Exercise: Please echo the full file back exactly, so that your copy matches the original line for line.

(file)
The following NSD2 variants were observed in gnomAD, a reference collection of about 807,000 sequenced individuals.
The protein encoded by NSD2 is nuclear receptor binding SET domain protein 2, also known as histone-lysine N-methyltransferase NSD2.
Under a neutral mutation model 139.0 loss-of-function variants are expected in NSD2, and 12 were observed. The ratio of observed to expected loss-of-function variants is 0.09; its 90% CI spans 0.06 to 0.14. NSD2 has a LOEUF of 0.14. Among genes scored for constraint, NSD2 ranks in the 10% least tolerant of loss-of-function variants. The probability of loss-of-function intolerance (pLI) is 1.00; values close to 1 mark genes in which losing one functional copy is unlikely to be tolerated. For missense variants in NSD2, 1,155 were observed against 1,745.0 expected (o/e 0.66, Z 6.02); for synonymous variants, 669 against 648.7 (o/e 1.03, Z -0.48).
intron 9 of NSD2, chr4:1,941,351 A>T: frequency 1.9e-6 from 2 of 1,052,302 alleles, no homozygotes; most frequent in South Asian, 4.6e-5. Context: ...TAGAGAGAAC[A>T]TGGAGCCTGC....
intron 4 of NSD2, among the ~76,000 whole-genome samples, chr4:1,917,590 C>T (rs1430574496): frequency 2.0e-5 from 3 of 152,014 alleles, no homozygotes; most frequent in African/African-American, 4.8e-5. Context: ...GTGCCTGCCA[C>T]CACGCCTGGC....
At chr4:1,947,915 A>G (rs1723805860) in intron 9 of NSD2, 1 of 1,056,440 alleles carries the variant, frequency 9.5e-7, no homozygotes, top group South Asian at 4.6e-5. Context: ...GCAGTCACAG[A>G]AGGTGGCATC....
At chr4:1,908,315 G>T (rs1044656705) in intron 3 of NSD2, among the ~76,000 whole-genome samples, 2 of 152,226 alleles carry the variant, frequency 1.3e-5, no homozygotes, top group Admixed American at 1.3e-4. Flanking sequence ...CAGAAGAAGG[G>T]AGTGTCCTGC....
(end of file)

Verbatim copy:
The following NSD2 variants were observed in gnomAD, a reference collection of about 807,000 sequenced individuals.
The protein encoded by NSD2 is nuclear receptor binding SET domain protein 2, also known as histone-lysine N-methyltransferase NSD2.
Under a neutral mutation model 139.0 loss-of-function variants are expected in NSD2, and 12 were observed. The ratio of observed to expected loss-of-function variants is 0.09; its 90% CI spans 0.06 to 0.14. NSD2 has a LOEUF of 0.14. Among genes scored for constraint, NSD2 ranks in the 10% least tolerant of loss-of-function variants. The probability of loss-of-function intolerance (pLI) is 1.00; values close to 1 mark genes in which losing one functional copy is unlikely to be tolerated. For missense variants in NSD2, 1,155 were observed against 1,745.0 expected (o/e 0.66, Z 6.02); for synonymous variants, 669 against 648.7 (o/e 1.03, Z -0.48).
intron 9 of NSD2, chr4:1,941,351 A>T: frequency 1.9e-6 from 2 of 1,052,302 alleles, no homozygotes; most frequent in South Asian, 4.6e-5. Context: ...TAGAGAGAAC[A>T]TGGAGCCTGC....
intron 4 of NSD2, among the ~76,000 whole-genome samples, chr4:1,917,590 C>T (rs1430574496): frequency 2.0e-5 from 3 of 152,014 alleles, no homozygotes; most frequent in African/African-American, 4.8e-5. Context: ...GTGCCTGCCA[C>T]CACGCCTGGC....
At chr4:1,947,915 A>G (rs1723805860) in intron 9 of NSD2, 1 of 1,056,440 alleles carries the variant, frequency 9.5e-7, no homozygotes, top group South Asian at 4.6e-5. Context: ...GCAGTCACAG[A>G]AGGTGGCATC....
At chr4:1,908,315 G>T (rs1044656705) in intron 3 of NSD2, among the ~76,000 whole-genome samples, 2 of 152,226 alleles carry the variant, frequency 1.3e-5, no homozygotes, top group Admixed American at 1.3e-4. Flanking sequence ...CAGAAGAAGG[G>T]AGTGTCCTGC....